He suffered an injury in his first game, likely contributed by the excess weight he carried and his inability to condition due to concussion recovery.

Sabres goalie Robin Lehner
Lehner never took control of the crease for the Sabres.  (Jerome Miron-USA TODAY Sports)

Evander Kane

Kane was no stranger to controversy. His outgoing, brash and hubristic personality rubbed some the wrong way. He was reluctant to practice hard and relied on his gifted athletic ability to get by. By definition, he was opposite of the kind of player that blue-collar, earn-your-paycheck fans of Western New York demand.

Though he learned to stay out of the news and his off-ice antics quieted, the Sabres were never going to sign Kane long term. Knowing that, it was obvious that he became absolutely invisible and didn’t hustle for big chunks of action last season.

The Culture Club of Poison

Only the players in the dressing room every day know who the problem players were. Even members of the media who are in the locker room for interviews don’t see or hear everything. Anyone who tells you they know is full of… speculation. The fact that O’Reilly, Kane and Lehner were moved doesn’t automatically point them as poison or the only poisons.

Evander Kane Sabres
Evander Kane finally made the playoffs with the San Jose Sharks. (Amy Irvin / The Hockey Writers)

“We felt, as a management group at the end of the season, we had to change the dynamic,” said Botterill. “The bottom line was there’s a lot of great people in that locker room but when you finish 31st, you have to look to make changes.”

O’Reilly was shipped off to St. Louis with five years remaining on his seven-year, $52.5 million contract. He’ll likely be remembered for admitting, “We’re stuck in this mindset of just being OK with losing.” Kane, moved at the trade deadline last season, has a shiny new seven-year, $49 million contract with the San Jose Sharks. This summer, Lehner inked a one-year, $1.5 million deal with the New York Islanders.

Related: Sabres Fans Bickering: A Great Thing

Changing the Culture

Since taking over, Botterill has stressed the importance of bringing the right types of personalities into the organization. Rochester Americans coach Chris Taylor said he can already feel a change in the culture from at this year’s development camp. “The guys seem a lot more eager and a lot more happy,” said Taylor.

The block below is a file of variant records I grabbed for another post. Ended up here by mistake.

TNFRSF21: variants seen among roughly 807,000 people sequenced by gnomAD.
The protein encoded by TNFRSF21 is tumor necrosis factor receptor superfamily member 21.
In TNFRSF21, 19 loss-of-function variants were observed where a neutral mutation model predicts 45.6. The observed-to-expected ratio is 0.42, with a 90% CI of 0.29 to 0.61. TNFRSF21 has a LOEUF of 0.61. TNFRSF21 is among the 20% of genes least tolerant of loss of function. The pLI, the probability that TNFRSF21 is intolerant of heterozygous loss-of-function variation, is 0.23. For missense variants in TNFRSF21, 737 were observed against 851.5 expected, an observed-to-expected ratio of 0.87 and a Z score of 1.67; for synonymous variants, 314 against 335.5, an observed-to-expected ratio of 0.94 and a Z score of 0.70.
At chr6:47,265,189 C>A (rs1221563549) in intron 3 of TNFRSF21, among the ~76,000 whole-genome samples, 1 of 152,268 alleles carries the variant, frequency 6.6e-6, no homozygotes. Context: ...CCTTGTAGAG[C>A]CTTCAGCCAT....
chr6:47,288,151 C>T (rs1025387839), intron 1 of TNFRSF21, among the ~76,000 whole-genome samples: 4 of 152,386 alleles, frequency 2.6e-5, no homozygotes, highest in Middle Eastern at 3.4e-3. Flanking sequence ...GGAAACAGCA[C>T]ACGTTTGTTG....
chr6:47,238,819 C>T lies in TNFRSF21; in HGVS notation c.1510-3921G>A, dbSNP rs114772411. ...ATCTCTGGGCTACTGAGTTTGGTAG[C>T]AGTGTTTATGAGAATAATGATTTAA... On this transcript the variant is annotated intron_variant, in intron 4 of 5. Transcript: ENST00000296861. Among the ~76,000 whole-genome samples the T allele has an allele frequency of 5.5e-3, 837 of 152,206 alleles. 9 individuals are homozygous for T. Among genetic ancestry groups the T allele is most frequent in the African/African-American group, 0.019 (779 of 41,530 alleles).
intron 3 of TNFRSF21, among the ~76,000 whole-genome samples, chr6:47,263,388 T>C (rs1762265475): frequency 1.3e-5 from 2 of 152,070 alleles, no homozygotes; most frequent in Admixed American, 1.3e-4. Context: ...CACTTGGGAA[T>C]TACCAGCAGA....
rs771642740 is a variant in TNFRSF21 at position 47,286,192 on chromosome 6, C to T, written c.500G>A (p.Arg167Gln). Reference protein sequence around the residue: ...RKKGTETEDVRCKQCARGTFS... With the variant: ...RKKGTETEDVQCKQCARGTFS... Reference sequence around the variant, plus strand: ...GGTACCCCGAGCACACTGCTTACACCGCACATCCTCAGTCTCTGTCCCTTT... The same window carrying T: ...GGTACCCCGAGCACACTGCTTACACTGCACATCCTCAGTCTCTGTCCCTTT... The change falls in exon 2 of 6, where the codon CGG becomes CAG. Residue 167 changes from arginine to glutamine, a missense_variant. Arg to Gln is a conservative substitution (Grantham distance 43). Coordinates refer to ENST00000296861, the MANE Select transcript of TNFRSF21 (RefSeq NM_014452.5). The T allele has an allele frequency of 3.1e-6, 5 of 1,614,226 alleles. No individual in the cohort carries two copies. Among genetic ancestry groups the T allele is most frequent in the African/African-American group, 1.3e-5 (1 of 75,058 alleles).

For example, Mattias Samuelsson, drafted with the 32nd pick in the 2018 Entry Draft, was captain with the U.S. National Team Development Program and Brandon Hickey served as captain last season at Boston University. “Culturally, these are the guys who are going to change the organization around,” Taylor said. “You’re not going to bring an older guy in and just all of a sudden, the room changes. It starts within and I think it all starts with the draft.”

Mattias Samuelsson Sabres
Samuelsson was captain with the U.S. National Team Development Program. (Amy Irvin / The Hockey Writers)

The overhauled 2018-19 roster is filled with talented, young, exciting players with an upbeat attitude. Rasmus Dahlin, the Sabres No. 1 overall draft pick and Casey Mittelstadt’s positivity may help rekindle Jack Eichel’s fire to dominate. Fully healed Zach Bogosian is chomping at the bit to get the season started. Rasmus Ristolainen’s offseason has been spent flipping giant tires and whipping around chains to build muscle and stamina.

And of course, the nearly completely dehydrated Sabres fans are already gulping down the team’s enthusiasm as evidenced by the attendance at the mini tourney right after the draft, the buzz on social media and the building excitement for training camp.

The 2018-19 Sabres should be fun to watch. That in itself is a shift of seismic proportions.